MILWAUKEE — At just 21 years old and 141 games into his NBA career, Brandon Knight was already labeled. He heard all of the talk, he knew his team’s plans no longer involved him at point guard, and he quickly found out they didn’t involve him at all.
In trading for Knight, the Milwaukee Bucks feel they’ve landed an extremely talented player who should have just finished his junior year of college, not one who should already be changing positions.
He’s their point guard of the present and the future and will be allowed time to grow as the team’s floor general.
“I don’t know where this, ‘Is he a point guard, is he a shooting guard?’ came from,” Bucks coach Larry Drew said. “He’s always, in my eyes, been a point guard. (He’s) a point guard that has the ability to score, and that’s a big, big luxury. At 21 years old he’s played a lot of games already in the NBA.”
On the day of his introductory press conference in Milwaukee, Knight was on the court at the Bucks’ practice facility at 7:45 a.m.
Concerned Knight would get consumed with his workout and forget about the press conference, Bucks general manager John Hammond kept calling over to the Cousins Center to make sure someone would get him over to BMO Harris Bradley Center in time.
Unlike many his age, Knight won’t exhaust any energy feeling sorry for himself or taking shots at his former team. Extremely mature in his body language and in what he says, Knight is going to allow his play do the talking.
“A lot of people do forget (I’m still 21),” Knight said. “A lot of the best point guards in our game didn’t get it overnight. Tony Parker didn’t get it overnight, Chauncey Billups didn’t get it overnight — a lot of players in our league didn’t come in and become an All-Star in their first year. It just doesn’t happen that way.
“It’s human nature to criticize. I know that I’m getting better and I know that I’ve improved this summer. I think a lot of people will see this upcoming year how much I’ve improved and how good the Bucks can be.”
Drafted by Detroit with the 8th pick in the 2011 NBA Draft after just one season at the University of Kentucky, Knight was faced with challenge of becoming a starting point guard with an offseason shortened by the lockout.
Knight went on to average 12.8 points, 3.2 rebounds and 3.8 assists in his rookie season, shooting 41.5 percent from the field and 38.0 percent from beyond the arc in 66 games. After a full offseason of work, Knight was back as Detroit’s starting point guard at the beginning of last season, but things changed in January.
Detroit traded for point guard Jose Calderon, bumping Knight to shooting guard. Either the Pistons really thought they had a chance to make a playoff run, or it was a sign they were giving up on Knight.
“I thought individually I got better, but as a team we were up and down,” Knight said of his time in Detroit. “My first year was the lockout year, so I didn’t have much time to really get ahold of things.
“My time at the point guard position was about a year, total. I know that I got better from the beginning. There were just a lot of things that happened that were kind of questionable, but I just tried to make the best of it.”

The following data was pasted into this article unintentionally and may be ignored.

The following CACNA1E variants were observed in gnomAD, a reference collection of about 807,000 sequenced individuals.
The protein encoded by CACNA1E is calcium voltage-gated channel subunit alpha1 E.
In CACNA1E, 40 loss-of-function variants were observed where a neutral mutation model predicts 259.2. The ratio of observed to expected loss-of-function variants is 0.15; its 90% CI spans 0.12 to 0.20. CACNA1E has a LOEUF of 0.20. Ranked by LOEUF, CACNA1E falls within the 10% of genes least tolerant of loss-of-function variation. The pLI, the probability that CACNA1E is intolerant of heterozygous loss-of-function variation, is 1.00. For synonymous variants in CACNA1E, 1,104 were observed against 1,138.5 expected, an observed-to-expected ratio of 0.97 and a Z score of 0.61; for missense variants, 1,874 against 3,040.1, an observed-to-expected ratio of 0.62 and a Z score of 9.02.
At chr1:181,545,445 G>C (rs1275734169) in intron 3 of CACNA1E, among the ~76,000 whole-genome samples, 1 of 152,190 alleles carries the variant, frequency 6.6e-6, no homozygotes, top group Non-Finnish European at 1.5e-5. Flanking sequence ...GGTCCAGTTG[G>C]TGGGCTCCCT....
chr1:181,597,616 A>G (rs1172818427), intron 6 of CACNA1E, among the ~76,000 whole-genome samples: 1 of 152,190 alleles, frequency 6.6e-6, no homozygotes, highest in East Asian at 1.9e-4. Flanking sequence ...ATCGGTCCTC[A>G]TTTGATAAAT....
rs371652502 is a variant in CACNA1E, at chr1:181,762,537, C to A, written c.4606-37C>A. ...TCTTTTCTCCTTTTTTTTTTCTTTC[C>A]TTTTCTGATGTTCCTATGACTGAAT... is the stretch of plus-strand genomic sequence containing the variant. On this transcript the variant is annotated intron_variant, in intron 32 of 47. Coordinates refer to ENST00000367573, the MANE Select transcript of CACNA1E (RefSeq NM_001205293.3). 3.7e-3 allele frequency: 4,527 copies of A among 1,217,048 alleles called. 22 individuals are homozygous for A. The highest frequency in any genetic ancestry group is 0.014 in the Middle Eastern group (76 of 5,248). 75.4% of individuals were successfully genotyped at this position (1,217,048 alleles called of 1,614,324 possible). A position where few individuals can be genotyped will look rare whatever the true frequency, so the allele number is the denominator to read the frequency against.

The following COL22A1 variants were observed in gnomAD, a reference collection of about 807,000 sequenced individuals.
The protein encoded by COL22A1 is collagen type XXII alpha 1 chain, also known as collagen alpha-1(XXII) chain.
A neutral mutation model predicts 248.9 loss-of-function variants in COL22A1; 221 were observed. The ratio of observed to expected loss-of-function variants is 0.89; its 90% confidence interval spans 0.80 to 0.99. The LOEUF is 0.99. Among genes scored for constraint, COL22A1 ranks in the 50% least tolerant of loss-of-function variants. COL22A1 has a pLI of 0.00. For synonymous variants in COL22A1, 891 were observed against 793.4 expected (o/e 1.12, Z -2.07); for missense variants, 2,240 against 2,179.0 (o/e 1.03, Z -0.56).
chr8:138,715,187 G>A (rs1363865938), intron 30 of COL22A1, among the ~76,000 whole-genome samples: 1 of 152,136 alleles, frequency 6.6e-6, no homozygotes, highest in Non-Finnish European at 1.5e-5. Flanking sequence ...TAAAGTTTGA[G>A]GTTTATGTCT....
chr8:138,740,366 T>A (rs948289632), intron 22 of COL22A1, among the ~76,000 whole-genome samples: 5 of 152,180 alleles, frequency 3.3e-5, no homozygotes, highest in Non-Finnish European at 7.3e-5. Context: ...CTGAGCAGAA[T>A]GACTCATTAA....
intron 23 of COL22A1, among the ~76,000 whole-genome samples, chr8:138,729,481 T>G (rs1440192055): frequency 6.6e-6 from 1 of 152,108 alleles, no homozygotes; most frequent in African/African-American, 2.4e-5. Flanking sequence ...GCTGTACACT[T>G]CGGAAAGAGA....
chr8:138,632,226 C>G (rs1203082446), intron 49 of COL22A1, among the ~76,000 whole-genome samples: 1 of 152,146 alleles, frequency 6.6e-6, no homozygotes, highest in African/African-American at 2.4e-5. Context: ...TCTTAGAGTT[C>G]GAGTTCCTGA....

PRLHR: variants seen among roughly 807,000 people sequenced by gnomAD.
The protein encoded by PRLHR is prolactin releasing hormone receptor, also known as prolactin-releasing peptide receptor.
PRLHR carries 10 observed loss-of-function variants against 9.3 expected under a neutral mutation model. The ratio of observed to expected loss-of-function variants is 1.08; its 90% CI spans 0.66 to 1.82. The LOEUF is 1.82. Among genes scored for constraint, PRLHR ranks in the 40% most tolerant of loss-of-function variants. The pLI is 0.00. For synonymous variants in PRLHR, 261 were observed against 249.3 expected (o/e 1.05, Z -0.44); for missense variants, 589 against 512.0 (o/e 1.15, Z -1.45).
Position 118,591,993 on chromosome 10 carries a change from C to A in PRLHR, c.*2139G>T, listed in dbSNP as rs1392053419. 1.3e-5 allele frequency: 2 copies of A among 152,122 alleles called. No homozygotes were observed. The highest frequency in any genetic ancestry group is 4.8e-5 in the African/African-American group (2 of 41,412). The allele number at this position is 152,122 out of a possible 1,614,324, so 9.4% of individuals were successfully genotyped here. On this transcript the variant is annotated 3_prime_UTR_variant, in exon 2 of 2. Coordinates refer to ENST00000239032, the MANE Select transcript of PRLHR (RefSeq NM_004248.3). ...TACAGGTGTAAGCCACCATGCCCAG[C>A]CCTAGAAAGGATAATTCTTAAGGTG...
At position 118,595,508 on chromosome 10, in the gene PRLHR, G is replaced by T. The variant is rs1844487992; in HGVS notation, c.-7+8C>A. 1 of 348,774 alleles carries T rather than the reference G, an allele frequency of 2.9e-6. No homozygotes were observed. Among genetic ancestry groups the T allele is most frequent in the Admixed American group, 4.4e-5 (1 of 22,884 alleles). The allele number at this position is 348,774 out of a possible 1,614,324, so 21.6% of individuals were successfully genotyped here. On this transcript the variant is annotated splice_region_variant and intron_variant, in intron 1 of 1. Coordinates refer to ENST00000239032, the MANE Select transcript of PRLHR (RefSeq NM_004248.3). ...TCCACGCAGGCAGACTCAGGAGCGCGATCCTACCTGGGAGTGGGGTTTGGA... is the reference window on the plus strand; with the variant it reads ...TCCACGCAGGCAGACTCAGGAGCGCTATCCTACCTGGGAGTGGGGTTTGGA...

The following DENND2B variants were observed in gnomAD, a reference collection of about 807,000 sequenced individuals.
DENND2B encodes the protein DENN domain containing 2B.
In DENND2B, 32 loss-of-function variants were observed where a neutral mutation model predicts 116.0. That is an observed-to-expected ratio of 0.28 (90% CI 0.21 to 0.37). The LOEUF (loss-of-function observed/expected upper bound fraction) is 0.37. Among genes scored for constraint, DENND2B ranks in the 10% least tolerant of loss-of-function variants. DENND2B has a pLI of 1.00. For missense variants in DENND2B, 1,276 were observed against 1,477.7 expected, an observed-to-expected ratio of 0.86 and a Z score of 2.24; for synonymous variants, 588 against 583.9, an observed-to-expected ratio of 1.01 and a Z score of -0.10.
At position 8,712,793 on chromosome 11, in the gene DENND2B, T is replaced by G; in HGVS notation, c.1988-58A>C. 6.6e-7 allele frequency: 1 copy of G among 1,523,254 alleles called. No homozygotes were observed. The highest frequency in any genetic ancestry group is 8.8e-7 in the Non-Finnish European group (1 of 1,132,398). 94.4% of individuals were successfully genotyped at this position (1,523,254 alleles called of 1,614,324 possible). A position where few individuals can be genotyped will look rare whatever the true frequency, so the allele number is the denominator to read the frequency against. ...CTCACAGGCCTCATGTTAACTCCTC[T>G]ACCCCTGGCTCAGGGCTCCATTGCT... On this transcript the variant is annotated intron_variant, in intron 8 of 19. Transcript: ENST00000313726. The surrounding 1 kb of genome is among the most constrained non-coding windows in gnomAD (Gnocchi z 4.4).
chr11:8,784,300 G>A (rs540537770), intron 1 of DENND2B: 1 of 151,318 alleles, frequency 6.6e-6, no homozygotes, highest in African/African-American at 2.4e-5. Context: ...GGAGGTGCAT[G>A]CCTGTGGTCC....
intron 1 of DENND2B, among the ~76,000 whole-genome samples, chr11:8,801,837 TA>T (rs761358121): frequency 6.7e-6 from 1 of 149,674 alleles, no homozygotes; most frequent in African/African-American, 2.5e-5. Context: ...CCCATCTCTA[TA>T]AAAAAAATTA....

Drew not only played the position for 10 years in the NBA, he’s also played a major role in the development of young point guards as a coach. In Knight, Drew sees the potential and is excited for the chance to help him grow.
“What he brings to the table is what a coach looks for at that position, the speed, the quickness,” Drew said. “The ability to make shots, the ability to get to the lane. The ability to make other people better.
“It’s going to be my job, it’s going to be my responsibility to elevate his game and to continue to teach him. Hopefully he’ll continue to grow.”
With the Bucks choosing to go with youth on their roster, Knight will have the opportunity to grow and get better. It’s exactly the fresh start he was looking for, and he’s embracing the opportunity Milwaukee is giving him.
“It’s exciting and it’s comforting at the same time,” Knight said. “Just to know that’s their vision. Now it’s my job to go out and play to the best of my ability and allow my hard work to manifest.”
Nobody knows if the Pistons’ impatience will come back to bite them or if they were spot on in their evaluation. Though he’s clearly motivated, Knight isn’t a kid who only feels like he’s been slighted. He understands the reasons why Detroit moved on and knows he isn’t close to the player he wants to be.
“I’m not going to sit here and say I’m perfect,” Knight said. “Me as a player, I work on a lot of things. I can improve defensively, pick-and-rolls I can improve offensively. I can be more efficient. Those are three things right off the top of my head that I’ve been working on.
“Even shooting at the free throw line, decision-making, there are a lot of places I can improve. I embrace that and I know I’ve taken steps this summer in those areas.”
Just as he heard he wasn’t a point guard, Knight will now have to deal with the prognosticators picking the Bucks to finish near the bottom of the Eastern Conference. Combining the chip on his shoulder personally with the team’s low expectations, Knight flashes back to his year at Kentucky.
The Wildcats were expected to be a good, but not an elite team in the 2010-11 season. Ranked 23rd in the polls just before the postseason, Kentucky was given a four seed for the NCAA tournament. Led by Knight, the Wildcats used their seeding as motivation and advanced to the Final Four.
“The team that we had, not many people expected us to do as well as we did,” Knight said. “I was a leader on that team with the way I played and the way I pushed guys. We were able to make it to a Final Four.
“It’s the same situation here. I plan to push guys, and I think we are going to be a lot better than people expect.”